Leadership in multiphase flow discovery, education and practice

Multiphase flow scienceA cohesive group of researchers at Iowa State has joined together to accelerate discoveries in multiphase flow science and their transfer to industry.

The group known as CoMFRE initially started out in 2002 as an informal way for faculty to share insights about related research projects. Now, the team is more formally organized with a mission to bring ideas together to make computational and experimental multiphase flow research more cohesive and connected.

Shankar Subramaniam, professor of mechanical engineering, and Rodney Fox, distinguished professor in chemical and biological engineering, lead the group of 18 faculty members who make up CoMFRE. The group also collaborates with a number of experts in industry, academia and national laboratories.

Subramaniam says having a large number of faculty and experts involved has helped the group expand its impact. “We aren’t working on just one problem. We’re working on a set of techniques that can be rapidly realigned to various problems. I anticipate that over the next 20-25 years we can continuously reinvent ourselves to solve whatever the hard multiphase flow problem of the day happens to be.”

One major initiative within CoMFRE is biofuels. As biomass, such as corn stover, is heated to create fuel, multiphase flow researchers can analyze how changes in the composition of biomass and flow impact the reaction.

The team develops simulations of biomass reactors, analyzes computational data gathered during the process, and evaluates the economics of the facilities used to generate biomass and biofuels, effectively performing an entire life-cycle analysis that focuses on efficiency and sustainability.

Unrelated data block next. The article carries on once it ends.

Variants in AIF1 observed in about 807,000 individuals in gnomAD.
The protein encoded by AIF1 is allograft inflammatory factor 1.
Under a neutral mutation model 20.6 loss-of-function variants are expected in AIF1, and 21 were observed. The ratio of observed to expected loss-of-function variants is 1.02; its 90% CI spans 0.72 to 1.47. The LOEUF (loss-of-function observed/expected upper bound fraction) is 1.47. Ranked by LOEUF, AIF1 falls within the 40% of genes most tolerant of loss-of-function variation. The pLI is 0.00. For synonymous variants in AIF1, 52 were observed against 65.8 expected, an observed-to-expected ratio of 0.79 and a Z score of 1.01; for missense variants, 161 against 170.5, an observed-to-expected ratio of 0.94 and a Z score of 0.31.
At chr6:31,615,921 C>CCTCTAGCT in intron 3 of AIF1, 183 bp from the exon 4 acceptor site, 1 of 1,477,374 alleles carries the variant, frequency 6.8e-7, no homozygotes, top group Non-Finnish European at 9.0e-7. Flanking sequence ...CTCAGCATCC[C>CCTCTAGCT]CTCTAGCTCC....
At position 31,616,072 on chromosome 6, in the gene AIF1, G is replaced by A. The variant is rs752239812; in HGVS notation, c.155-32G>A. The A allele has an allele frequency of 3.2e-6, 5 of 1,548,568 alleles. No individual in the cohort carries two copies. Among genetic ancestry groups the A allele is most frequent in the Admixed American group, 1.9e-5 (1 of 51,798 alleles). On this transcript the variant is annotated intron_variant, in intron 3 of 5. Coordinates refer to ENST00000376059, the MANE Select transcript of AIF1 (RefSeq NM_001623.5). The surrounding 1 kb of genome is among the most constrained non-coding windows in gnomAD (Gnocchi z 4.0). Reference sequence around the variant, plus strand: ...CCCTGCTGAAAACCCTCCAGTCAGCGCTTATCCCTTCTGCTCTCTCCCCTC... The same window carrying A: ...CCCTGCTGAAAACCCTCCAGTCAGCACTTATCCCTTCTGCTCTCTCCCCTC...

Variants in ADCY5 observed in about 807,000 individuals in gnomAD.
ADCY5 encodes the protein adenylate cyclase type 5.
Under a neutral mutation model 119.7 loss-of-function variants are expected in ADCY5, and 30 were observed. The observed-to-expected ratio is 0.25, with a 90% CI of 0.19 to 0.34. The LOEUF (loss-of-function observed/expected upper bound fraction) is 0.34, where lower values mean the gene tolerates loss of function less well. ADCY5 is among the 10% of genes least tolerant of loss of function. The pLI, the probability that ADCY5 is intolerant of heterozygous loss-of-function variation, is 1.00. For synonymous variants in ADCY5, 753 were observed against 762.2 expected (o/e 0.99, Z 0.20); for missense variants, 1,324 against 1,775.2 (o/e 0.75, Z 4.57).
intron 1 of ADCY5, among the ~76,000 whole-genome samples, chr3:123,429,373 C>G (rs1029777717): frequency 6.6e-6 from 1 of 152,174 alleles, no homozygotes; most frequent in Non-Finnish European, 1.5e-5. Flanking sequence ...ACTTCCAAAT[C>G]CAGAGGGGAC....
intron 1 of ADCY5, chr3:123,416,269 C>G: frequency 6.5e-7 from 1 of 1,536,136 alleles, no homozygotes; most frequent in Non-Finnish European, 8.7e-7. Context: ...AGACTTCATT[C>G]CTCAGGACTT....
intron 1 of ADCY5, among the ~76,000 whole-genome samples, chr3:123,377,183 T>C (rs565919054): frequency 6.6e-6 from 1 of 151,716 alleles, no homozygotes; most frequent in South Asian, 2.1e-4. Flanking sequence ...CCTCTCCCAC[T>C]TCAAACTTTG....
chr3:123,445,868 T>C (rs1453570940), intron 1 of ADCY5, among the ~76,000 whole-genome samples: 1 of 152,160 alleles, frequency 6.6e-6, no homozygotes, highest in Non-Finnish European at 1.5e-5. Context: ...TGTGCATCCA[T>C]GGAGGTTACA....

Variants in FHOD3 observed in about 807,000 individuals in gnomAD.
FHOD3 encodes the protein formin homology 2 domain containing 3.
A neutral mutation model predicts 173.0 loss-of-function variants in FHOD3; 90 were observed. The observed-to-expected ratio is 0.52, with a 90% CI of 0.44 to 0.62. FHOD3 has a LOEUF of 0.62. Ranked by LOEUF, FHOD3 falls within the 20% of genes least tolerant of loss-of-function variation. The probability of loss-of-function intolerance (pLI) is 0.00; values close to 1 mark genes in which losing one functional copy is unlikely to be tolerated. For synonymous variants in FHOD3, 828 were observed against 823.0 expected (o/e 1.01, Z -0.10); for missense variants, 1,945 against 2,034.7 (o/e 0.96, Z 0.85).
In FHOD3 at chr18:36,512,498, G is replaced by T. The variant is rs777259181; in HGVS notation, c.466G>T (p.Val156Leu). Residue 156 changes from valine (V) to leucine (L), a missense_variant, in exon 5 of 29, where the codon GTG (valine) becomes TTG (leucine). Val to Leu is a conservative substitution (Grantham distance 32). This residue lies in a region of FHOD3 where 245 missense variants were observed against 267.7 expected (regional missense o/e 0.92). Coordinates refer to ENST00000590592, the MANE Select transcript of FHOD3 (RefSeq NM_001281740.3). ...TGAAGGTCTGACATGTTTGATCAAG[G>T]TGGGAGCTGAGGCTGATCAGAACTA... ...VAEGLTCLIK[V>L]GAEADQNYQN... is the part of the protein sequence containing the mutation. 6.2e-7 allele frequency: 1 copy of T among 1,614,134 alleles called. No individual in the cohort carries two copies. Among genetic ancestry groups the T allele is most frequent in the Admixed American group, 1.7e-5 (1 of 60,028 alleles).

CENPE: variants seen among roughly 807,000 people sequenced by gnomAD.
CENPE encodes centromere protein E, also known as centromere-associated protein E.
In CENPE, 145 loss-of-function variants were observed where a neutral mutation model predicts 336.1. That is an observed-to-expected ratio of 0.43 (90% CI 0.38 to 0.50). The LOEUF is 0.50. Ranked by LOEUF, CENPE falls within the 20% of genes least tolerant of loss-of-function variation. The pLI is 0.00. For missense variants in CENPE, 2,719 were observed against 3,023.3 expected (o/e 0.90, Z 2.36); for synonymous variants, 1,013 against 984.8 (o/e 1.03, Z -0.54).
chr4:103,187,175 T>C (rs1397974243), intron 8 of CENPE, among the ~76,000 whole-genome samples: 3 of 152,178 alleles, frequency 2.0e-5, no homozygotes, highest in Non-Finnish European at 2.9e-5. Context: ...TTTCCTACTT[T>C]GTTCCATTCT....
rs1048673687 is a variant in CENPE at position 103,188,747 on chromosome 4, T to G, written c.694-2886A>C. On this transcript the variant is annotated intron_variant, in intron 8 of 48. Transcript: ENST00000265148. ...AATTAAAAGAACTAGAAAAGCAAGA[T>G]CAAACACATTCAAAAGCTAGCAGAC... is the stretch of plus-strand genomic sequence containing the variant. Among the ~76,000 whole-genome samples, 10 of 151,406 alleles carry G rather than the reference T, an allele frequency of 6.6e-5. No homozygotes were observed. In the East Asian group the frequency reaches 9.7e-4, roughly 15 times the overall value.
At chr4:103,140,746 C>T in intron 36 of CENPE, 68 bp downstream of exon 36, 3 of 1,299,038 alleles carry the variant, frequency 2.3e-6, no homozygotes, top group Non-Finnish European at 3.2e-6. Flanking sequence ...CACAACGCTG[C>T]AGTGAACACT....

“From a computational perspective, all of our work involves a variety of statistical and mathematical methods and visualization,” Subramaniam says. “While it’s relatively easy to compute large amounts of data, we take our research beyond information. We provide insight into the processes occurring and look for answers to research questions.”

As the long-term applications and science research being developed under the umbrella of CoMFRE continues to grow, Subramaniam says the group’s industry outreach will also expand. CoMFRE facilitates training, seminar and networking opportunities for industry collaborators, where the group shares rich knowledge and diverse expertise to advance research in the multiphase flow field.

Collaborators come from a variety of industries including energy, healthcare, materials design, advanced manufacturing, sustainability and infrastructure.

The team also incorporates training and workforce development for graduate students, providing them with skills that can be applied across industries to investigate multiple challenges. CoMFRE is even proposing to break away from the traditional Ph.D. structure to act as more of a learning community, where graduate students work with peer groups and a whole group of faculty members acting as advisers. In addition to refining their technical skills, the students will be trained on entrepreneurship, which would prepare them to adapt to changes that can occur in the research landscape over time.

“We want our graduates to be cognizant of how to connect their work to societal issues,” Subramaniam says. “We think we’ve set up CoMFRE to prepare these students to be industry leaders while we also make advancements in our research.”